V. A person’s right to use a library should not be denied or abridged because of origin, age, background, or views.

VI. Libraries which make exhibit spaces and meeting rooms available to the public they serve should make such facilities available on an equitable basis, regardless of the beliefs or affiliations of individuals or groups requesting their use.

Adopted June 19, 1939, by the ALA Council; amended October 14, 1944; June 18, 1948; February 2, 1961; June 27, 1967; January 23, 1980; inclusion of “age” reaffirmed January 23, 1996.

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WEEK 6

VI. Libraries which make exhibit spaces and meeting rooms available to the public they serve should make such facilities available on an equitable basis, regardless of the beliefs or affiliations of individuals or groups requesting their use.

The primary public of an academic institution are the students, faculty and staff with a special emphasis on students, as they are the entire purpose of a university or college’s mission.   Hence, this would be the primary public with access to designated meetings spaces or exhibit areas.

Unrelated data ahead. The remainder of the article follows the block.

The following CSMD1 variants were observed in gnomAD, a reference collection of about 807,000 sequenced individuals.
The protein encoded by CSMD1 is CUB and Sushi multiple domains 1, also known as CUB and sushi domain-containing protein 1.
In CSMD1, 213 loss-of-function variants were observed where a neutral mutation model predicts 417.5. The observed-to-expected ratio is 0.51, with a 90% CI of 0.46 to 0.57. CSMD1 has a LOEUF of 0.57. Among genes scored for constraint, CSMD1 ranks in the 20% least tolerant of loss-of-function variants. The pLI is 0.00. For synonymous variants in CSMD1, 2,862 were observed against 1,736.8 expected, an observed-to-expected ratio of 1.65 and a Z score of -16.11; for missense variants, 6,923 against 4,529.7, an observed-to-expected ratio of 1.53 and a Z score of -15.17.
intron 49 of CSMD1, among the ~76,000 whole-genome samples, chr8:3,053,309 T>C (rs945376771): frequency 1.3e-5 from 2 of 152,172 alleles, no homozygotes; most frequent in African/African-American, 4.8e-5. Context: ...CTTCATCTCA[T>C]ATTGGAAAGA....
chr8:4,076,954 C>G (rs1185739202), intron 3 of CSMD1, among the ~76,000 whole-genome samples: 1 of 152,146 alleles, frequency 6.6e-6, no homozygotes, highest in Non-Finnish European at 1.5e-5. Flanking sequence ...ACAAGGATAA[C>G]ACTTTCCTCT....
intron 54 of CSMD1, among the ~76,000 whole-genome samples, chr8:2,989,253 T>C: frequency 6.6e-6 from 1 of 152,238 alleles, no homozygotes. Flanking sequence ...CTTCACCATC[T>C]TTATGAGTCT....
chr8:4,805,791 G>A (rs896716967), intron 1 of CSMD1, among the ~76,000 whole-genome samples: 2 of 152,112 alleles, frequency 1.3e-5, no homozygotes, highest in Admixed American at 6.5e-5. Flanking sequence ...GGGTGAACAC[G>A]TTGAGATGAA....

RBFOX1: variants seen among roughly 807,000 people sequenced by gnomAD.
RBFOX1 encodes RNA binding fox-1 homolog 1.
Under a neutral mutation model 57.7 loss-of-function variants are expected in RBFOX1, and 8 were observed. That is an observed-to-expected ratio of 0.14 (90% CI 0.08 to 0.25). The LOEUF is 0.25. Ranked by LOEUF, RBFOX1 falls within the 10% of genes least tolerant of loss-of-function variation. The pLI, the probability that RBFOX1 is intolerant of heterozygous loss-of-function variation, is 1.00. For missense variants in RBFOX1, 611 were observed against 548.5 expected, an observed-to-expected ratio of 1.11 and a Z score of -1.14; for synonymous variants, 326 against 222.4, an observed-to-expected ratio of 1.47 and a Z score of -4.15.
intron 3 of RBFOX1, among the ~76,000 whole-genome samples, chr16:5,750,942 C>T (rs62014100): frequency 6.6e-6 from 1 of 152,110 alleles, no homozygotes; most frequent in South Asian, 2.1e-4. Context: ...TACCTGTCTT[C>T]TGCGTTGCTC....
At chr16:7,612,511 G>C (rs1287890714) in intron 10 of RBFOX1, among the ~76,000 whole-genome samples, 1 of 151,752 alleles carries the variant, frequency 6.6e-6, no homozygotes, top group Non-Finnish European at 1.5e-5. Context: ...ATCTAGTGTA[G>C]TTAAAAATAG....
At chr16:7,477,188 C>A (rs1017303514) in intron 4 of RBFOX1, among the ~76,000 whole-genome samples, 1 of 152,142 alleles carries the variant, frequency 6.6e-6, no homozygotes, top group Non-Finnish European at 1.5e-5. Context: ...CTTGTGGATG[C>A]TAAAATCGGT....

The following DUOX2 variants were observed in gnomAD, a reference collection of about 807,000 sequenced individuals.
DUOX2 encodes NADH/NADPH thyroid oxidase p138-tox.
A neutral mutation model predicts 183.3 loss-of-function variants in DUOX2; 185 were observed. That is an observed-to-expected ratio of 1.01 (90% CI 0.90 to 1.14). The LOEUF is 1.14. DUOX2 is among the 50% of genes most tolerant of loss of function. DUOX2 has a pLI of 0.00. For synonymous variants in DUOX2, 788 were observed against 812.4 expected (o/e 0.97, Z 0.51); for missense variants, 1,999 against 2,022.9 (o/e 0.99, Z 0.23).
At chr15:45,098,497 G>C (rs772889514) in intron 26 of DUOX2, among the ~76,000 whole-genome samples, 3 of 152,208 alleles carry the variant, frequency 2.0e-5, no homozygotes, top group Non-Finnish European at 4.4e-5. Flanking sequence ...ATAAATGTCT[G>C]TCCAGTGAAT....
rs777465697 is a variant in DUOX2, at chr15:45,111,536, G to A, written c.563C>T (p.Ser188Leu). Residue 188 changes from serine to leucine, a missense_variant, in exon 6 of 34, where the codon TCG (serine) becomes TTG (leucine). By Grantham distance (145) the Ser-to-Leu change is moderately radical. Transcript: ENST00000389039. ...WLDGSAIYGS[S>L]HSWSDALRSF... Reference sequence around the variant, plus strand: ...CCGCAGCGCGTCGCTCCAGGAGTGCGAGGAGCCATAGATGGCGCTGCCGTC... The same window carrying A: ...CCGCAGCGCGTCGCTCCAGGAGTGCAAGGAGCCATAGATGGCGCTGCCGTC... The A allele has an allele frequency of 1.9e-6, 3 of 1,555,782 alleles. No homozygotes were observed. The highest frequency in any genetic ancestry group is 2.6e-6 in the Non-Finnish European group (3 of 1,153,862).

Libraries may take an inclusionary as opposed to an exclusionary stance with regard to who may use its designated public use meeting rooms or exhibit spaces.  For a university, such a policy may express openness to organizations engaged in educational, cultural, intellectual or service-oriented objectives, without regard to religious or political beliefs.

A broad spectrum of opinion should be represented and controversy should not be avoided.  The library may choose to place a statement near public exhibit spaces indicating that views expressed in the exhibits don’t necessarily reflect the perspective of the library.

Whatever the policies of the library in question, these policies should be publicly proclaimed in writing so that it is clear who may request designated meeting rooms or exhibit spaces and assuring equitable access.  In addition, if the library extends its exhibit spaces to digital formats within the library’s domain, this should be clearly stated.  The  process for requesting meeting or exhibit space should be made clear as well.

The Association of College & Research Libraries’ Intellectual Freedom Committee published Intellectual Freedom Principles for Academic Libraries (http://www.al.org/acrl/principles.html) in 1999 which was endorsed by the American Library Association Council in 2000.  Subsequently, the American Association of University Professors (AAUP) endorsed them.  As Laurence Miller, past chair of the ACRL Intellectual Freedom Committee stated:  “As the information function of academic libraries within the higher education community becomes increasingly critical, it is important for that community to reaffirm its commitment to equality of access and to intellectual freedom in general.”